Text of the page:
NEWS

Property Damage: Reinstatement Costs and Consequential Losses resulting from Insurer’s wrongful failure to indemnify

In the recent of case of Worth v HDI Global Specialty SE [2021] NSWCA 185, the New South Wales Court of Appeal considered whether an insured was entitled to the costs of reinstatement of her home and consequential losses for business interruption in circumstances where an insurer wrongfully failed to indemnify her.  

The Facts

Ms Worth lived in a two-story home with her son, from which she also operated a childcare business on the ground floor. On the morning of 1 September 2015, after spending the previous night caring for her parents at their home, she returned to her home for a period of approximately 30 minutes at which time she turned on a cooktop in the kitchen to boil an egg, before leaving her home to visit her ill father who had since been admitted to the intensive care unit at hospital.

Soon after she left her home to visit her father, the insured home was destroyed by fire, which appears to have had two points of ignition: an undetermined source in the living room of the home; and the kitchen of the home, when a ‘200 page game guide book’ caught alight by being exposed to the cooktop element.

Ms Worth held a Home Based Business Property Insurance Policy (Policy) and made a claim for indemnity. On 16 December 2015, Ms Worth and her Insurer, Interhannover, entered into a Deed of Release in which her Insurer granted a conditional indemnity to Ms Worth, on the basis that she repay any moneys paid to her in the event of a finding by a ‘police force’ that she had deliberately caused the fire (Deed). In accordance with the conditional indemnity, the Insurer made preliminary payments to Ms Worth totalling approximately $98,000.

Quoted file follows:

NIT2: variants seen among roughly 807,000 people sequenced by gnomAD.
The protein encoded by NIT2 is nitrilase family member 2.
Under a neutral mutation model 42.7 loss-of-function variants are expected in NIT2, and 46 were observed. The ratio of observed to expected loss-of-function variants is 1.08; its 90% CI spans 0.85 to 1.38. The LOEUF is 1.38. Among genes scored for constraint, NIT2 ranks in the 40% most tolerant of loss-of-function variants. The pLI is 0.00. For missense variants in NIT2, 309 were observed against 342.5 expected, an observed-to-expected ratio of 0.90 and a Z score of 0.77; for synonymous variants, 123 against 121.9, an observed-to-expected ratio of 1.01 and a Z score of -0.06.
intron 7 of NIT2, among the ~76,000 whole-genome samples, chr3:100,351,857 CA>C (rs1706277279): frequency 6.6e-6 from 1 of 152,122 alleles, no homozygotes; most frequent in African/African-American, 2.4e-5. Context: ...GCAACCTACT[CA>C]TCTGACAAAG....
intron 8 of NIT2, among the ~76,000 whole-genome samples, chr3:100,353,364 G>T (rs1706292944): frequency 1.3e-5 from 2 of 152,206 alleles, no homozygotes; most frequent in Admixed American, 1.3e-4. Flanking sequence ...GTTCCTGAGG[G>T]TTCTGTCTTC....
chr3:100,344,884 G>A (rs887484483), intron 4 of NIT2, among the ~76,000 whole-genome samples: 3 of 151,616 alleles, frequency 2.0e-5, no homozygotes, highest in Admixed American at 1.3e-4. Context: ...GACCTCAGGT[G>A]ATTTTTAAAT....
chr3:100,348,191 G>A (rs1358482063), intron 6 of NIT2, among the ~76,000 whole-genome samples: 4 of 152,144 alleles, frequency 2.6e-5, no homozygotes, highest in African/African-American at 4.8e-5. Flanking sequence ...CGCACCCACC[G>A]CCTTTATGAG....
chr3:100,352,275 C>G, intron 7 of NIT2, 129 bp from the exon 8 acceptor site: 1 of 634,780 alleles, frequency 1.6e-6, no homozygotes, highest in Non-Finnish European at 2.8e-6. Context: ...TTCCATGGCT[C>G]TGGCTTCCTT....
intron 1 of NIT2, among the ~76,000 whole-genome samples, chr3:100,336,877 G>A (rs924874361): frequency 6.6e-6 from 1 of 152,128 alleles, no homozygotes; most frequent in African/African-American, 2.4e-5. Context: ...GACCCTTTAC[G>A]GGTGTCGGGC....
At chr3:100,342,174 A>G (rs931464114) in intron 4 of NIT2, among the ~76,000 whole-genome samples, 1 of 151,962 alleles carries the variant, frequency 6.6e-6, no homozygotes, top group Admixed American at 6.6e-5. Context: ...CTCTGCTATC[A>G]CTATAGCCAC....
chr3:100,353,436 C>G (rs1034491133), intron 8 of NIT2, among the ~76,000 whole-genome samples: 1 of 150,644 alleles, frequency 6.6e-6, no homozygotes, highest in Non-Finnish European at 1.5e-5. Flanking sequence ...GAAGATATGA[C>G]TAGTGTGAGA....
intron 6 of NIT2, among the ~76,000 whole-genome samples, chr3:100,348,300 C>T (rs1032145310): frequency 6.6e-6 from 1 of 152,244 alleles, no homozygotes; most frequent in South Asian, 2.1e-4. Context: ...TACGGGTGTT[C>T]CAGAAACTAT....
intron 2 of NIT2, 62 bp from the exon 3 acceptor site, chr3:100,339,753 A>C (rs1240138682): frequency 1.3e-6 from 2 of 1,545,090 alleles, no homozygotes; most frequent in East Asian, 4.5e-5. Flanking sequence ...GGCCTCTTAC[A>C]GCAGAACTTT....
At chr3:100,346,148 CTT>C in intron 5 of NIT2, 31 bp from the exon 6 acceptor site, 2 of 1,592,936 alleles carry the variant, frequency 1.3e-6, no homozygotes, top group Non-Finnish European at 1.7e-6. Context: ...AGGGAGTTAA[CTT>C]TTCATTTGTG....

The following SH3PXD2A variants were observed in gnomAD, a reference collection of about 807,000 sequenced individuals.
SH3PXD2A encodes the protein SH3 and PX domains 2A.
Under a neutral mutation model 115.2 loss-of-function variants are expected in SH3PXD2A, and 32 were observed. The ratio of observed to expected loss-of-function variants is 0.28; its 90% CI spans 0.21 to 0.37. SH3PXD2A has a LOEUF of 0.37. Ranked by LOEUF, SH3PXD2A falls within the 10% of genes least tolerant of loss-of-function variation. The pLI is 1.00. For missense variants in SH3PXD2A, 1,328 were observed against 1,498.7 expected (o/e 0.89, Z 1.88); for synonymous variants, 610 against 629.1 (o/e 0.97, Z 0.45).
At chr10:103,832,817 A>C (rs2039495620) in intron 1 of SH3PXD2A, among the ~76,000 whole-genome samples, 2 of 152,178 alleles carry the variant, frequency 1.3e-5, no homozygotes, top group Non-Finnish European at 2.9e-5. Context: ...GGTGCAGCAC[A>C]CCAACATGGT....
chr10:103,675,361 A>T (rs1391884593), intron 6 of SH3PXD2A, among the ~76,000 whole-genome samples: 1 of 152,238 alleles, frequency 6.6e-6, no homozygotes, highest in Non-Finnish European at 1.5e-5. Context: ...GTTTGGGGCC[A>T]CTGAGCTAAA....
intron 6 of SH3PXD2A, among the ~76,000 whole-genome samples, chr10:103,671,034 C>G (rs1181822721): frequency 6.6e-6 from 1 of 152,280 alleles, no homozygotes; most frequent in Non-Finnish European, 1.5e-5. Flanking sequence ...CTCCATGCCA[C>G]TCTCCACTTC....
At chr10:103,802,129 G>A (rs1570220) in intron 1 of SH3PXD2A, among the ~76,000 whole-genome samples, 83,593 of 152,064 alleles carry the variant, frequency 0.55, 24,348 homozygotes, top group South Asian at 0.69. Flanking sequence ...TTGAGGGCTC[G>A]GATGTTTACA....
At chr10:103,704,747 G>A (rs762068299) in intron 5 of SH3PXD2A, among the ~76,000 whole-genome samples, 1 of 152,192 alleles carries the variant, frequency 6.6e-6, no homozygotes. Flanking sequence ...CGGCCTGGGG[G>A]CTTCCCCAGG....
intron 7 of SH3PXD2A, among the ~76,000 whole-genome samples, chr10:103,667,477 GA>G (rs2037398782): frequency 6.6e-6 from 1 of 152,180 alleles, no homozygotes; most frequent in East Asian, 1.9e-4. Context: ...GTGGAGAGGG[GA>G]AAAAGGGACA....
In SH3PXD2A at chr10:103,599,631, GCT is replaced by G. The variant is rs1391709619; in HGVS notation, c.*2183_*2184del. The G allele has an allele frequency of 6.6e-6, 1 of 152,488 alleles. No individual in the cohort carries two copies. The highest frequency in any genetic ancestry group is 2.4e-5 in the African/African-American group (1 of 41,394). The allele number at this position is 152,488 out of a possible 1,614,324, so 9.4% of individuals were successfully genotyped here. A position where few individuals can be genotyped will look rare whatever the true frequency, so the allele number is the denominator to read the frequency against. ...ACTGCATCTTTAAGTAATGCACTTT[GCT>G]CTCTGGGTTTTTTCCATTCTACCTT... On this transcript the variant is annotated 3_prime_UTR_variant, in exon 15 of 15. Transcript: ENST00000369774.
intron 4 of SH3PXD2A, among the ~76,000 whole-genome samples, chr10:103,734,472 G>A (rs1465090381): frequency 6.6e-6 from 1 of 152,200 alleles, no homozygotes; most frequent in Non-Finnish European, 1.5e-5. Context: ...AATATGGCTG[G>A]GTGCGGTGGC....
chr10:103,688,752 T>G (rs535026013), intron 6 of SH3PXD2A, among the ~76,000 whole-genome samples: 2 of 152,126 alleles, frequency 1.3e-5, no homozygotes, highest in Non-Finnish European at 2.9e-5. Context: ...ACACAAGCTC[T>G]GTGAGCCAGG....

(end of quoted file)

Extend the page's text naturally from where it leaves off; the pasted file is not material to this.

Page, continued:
On 23 September 2016, Ms Worth was formally advised that her claim had been denied on the basis that she had deliberately lit the fire.

In November 2016, Ms Worth commenced proceedings against her Insurer seeking the following relief:

  1. the cost of reinstating her home;
  2. twelve months of business interruption losses;
  3. damages for the consequential loss of her business revenue (after the expiry of the 12 months covered in her policy and continuing);
  4. damages for ‘personal inconvenience’ based on her Insurer’s failure to meet her claim; and on doing, so breaching its obligation to act with utmost good faith under section 14 of the Insurance Contracts Act 1984 (Cth).

The claims for relief sought by Ms Worth were based on the Insurer’s breach of contract based on the terms of the Deed, rather than the terms of the Policy.